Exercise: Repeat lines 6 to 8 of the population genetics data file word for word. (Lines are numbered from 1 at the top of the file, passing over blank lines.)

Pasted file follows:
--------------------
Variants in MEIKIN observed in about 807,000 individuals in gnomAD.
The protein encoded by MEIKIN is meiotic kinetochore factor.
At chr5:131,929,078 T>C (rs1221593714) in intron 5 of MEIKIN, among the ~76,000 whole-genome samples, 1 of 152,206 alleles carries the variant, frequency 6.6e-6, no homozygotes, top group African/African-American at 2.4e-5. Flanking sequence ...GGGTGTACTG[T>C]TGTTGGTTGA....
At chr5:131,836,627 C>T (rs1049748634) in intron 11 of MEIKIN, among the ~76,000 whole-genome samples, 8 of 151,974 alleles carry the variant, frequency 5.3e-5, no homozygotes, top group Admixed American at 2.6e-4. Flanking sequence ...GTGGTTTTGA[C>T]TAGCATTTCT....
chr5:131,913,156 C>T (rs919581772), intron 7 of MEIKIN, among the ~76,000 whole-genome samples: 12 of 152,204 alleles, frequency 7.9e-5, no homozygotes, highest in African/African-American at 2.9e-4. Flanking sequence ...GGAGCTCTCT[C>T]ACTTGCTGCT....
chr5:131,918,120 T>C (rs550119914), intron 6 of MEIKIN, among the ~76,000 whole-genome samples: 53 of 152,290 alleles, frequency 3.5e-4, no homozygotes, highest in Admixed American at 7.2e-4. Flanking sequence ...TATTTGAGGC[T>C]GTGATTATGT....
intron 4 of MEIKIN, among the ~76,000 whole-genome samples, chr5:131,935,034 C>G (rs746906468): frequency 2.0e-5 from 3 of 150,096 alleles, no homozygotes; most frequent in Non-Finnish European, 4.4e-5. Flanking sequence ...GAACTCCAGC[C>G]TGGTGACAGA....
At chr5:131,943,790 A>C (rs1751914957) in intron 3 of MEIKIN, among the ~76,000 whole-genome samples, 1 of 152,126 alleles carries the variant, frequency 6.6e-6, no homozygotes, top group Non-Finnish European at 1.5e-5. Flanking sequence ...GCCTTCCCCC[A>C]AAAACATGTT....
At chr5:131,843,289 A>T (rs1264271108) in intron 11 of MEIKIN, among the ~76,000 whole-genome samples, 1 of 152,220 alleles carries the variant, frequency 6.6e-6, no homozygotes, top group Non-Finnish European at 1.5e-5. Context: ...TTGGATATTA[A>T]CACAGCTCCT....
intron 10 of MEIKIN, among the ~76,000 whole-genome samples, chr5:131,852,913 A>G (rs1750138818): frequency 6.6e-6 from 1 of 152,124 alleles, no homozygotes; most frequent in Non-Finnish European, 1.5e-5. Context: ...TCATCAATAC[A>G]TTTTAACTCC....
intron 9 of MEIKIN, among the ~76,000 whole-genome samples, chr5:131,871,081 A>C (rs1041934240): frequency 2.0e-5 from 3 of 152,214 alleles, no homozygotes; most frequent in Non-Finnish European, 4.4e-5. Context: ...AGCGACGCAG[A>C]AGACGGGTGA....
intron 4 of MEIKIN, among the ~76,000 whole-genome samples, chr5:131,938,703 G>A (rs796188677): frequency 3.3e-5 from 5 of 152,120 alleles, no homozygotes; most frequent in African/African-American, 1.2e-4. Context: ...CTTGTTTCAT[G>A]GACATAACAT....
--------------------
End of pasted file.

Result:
chr5:131,918,120 T>C (rs550119914), intron 6 of MEIKIN, among the ~76,000 whole-genome samples: 53 of 152,290 alleles, frequency 3.5e-4, no homozygotes, highest in Admixed American at 7.2e-4. Flanking sequence ...TATTTGAGGC[T>C]GTGATTATGT....
intron 4 of MEIKIN, among the ~76,000 whole-genome samples, chr5:131,935,034 C>G (rs746906468): frequency 2.0e-5 from 3 of 150,096 alleles, no homozygotes; most frequent in Non-Finnish European, 4.4e-5. Flanking sequence ...GAACTCCAGC[C>G]TGGTGACAGA....
At chr5:131,943,790 A>C (rs1751914957) in intron 3 of MEIKIN, among the ~76,000 whole-genome samples, 1 of 152,126 alleles carries the variant, frequency 6.6e-6, no homozygotes, top group Non-Finnish European at 1.5e-5. Flanking sequence ...GCCTTCCCCC[A>C]AAAACATGTT....